For a second year, UC Berkeley has partnered with Laney College in Oakland to provide laid-off workers with nanotechnology training to help provide them with more job opportunities.
The program, held at Laney College, is taught by Laney physics instructor Naima Azgui. Azgui created the program because she wanted to reach out to skilled workers who were laid off due to the recession.
Laboratory instruction for the students is conducted in the Biomolecular Nanotechnology Center in UC Berkeley’s Stanley Hall. Center Director Paul Lum and researcher Erik Jensen teach the students during their laboratory sessions.
The students learn about microfabrication processes and how to build microfluidic systems, and these skill sets make the students look attractive to new companies that manufacture with these technologies.
According to Jensen, microfluidics are important because they are able to condense larger scientific systems into a much smaller system of channels and pumps.
For example, microfluidic technology can allow cell biologists to control cellular environments, allowing them to conduct research more efficiently, Jensen said.
Hong Jiao, CEO of startup company HJ Science and Technology, which manufactures microfluidic systems, compared microfluidic technologies today to the production of computers in the 1960s. He said the technology is infantile in its development but will eventually become integral to many scientific technologies.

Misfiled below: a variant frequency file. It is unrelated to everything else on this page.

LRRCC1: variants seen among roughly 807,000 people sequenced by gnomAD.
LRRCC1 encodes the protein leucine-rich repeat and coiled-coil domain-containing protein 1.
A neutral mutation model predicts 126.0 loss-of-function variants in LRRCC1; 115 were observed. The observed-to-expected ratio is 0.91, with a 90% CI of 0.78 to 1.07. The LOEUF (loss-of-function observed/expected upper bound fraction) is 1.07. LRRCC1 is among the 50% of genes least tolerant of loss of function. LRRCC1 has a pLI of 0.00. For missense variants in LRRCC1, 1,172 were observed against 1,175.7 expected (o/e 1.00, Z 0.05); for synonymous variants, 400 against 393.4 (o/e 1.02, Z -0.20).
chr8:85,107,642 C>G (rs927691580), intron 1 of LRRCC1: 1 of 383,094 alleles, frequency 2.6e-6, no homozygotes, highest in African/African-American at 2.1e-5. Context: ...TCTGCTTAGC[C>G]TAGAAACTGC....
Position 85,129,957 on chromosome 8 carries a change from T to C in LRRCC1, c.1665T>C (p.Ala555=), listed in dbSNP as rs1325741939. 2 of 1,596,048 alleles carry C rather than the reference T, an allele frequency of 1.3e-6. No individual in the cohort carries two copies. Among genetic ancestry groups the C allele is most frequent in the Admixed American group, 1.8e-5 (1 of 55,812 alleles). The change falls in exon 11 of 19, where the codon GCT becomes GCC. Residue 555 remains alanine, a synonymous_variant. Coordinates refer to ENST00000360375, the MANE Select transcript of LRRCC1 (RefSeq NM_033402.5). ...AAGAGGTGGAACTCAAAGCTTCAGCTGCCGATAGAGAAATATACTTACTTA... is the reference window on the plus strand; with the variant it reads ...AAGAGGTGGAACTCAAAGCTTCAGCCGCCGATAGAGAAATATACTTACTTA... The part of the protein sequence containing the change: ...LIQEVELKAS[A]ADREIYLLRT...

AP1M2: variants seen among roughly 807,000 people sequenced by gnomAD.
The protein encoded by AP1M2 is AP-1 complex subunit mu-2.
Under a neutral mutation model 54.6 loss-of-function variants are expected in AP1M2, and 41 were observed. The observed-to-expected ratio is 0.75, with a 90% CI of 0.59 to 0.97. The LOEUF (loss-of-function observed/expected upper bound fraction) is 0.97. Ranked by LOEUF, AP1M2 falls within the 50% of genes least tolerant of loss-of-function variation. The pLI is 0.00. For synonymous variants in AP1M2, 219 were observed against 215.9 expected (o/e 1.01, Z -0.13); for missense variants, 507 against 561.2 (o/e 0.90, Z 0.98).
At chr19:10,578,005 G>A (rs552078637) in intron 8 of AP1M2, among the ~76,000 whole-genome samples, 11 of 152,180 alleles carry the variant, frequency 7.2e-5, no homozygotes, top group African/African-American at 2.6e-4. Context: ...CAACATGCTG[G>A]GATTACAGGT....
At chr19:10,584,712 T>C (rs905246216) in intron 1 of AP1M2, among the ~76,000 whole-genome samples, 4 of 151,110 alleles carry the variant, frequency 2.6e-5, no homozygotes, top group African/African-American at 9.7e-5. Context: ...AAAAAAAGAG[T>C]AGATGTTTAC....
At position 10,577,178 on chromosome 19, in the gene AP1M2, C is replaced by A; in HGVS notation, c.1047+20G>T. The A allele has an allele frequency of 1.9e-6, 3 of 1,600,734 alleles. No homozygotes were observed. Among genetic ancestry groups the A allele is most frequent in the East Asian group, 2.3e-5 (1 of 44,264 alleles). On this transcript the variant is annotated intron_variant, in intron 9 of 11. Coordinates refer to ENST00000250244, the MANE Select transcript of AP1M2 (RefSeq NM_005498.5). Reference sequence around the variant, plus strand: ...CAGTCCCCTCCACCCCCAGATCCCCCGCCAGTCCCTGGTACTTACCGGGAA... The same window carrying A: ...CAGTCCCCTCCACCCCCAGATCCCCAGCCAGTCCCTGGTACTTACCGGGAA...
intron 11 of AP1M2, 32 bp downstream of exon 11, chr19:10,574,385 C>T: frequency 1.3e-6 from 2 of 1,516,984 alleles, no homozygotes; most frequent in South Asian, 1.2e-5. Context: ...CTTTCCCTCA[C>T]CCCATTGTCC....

“It’s an emerging field,” Jensen said. “There has been a lot of academic work in building microfluidics for bioanalysis. There are a number of facilities building next-generation microfluidic technologies. As it continues to evolve, it will affect the industry on a larger level.”
According to Azgui, 16 participants were admitted to this year’s program, and 14 participated.
Azgui originally conceived the program back in 2005 and said she figured it would be convenient because Laney is so close to UC Berkeley. She originally projected that 20 to 30 people would be admitted.
The Alameda County Workforce Investment Board and Laney finance the program together, and center researchers contribute their own equipment. Participants also receive unemployment checks.
“We did our homework, and we decided to move forward with the program,” Azgui said. “The core was the partnership between the knowledge at UC Berkeley, the resources from Laney and the finances from the Alameda County Workforce Investment Board. We were very glad to see that more than 60 percent of students got jobs (in 2011).”
Lum said there are many worker training programs in the East Bay that have dry-lab-based teaching, which means that students learn material without being able to work in a lab.
With the Laney College program, in the beginning, the students spend a week in a classroom setting and one day in the laboratory. As time passes, students spend more and more time in the laboratory each week and less time in the classroom.
According to Lum, the students benefit from learning in the laboratory because they are able to interact with undergraduate and graduate students as well as researchers.
“It gave the individuals here self-confidence and self-respect,” Lum said. “There was a light that came on, and they were approaching the equipment with great confidence.”
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